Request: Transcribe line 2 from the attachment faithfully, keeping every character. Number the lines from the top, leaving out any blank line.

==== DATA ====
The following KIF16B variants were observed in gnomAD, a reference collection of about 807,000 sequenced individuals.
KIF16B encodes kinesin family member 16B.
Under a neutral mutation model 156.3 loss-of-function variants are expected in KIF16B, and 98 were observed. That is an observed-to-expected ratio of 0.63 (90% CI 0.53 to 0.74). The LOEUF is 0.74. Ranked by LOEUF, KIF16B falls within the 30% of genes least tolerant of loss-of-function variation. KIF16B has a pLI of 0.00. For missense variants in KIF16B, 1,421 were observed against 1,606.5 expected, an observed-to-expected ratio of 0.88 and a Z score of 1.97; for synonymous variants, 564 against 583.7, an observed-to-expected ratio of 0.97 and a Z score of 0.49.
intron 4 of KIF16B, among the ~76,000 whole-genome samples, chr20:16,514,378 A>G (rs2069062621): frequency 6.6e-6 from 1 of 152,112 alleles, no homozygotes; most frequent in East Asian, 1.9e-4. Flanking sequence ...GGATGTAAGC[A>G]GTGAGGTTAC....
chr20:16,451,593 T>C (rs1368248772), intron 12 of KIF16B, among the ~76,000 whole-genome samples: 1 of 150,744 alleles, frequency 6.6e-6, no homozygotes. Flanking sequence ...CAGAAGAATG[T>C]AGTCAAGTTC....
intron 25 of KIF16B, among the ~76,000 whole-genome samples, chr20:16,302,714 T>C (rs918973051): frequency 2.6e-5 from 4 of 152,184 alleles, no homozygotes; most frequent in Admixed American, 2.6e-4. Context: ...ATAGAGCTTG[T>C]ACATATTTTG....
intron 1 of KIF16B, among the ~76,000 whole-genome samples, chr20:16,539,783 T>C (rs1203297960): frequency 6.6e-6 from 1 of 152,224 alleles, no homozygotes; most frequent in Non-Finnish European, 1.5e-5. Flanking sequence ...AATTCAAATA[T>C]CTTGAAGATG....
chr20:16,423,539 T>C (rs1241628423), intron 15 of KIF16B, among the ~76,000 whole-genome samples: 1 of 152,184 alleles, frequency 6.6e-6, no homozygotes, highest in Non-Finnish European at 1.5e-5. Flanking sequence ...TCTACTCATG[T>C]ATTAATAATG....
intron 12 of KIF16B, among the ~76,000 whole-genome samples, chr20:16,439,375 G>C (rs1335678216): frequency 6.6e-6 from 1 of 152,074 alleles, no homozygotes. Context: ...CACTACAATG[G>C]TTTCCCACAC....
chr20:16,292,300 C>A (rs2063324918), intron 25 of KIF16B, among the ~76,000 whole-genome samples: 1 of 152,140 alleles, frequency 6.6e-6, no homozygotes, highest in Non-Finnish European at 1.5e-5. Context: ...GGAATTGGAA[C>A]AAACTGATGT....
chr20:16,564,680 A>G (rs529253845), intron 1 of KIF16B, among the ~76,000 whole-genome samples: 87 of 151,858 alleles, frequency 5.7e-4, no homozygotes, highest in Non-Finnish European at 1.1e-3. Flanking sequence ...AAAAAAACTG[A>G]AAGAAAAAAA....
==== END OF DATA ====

KIF16B encodes kinesin family member 16B.